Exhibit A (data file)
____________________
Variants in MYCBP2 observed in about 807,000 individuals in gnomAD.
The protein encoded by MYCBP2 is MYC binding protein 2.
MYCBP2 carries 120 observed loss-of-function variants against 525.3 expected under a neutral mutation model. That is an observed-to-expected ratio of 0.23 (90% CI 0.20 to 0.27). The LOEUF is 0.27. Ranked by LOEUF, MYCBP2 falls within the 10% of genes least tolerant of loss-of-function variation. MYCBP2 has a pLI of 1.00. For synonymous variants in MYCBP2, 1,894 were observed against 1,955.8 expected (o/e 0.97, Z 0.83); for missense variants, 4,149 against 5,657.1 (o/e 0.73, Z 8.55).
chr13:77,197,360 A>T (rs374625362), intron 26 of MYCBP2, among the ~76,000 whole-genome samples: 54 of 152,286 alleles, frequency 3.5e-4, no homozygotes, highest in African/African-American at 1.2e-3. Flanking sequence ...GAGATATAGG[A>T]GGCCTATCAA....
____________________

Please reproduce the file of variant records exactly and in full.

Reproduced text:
Variants in MYCBP2 observed in about 807,000 individuals in gnomAD.
The protein encoded by MYCBP2 is MYC binding protein 2.
MYCBP2 carries 120 observed loss-of-function variants against 525.3 expected under a neutral mutation model. That is an observed-to-expected ratio of 0.23 (90% CI 0.20 to 0.27). The LOEUF is 0.27. Ranked by LOEUF, MYCBP2 falls within the 10% of genes least tolerant of loss-of-function variation. MYCBP2 has a pLI of 1.00. For synonymous variants in MYCBP2, 1,894 were observed against 1,955.8 expected (o/e 0.97, Z 0.83); for missense variants, 4,149 against 5,657.1 (o/e 0.73, Z 8.55).
chr13:77,197,360 A>T (rs374625362), intron 26 of MYCBP2, among the ~76,000 whole-genome samples: 54 of 152,286 alleles, frequency 3.5e-4, no homozygotes, highest in African/African-American at 1.2e-3. Flanking sequence ...GAGATATAGG[A>T]GGCCTATCAA....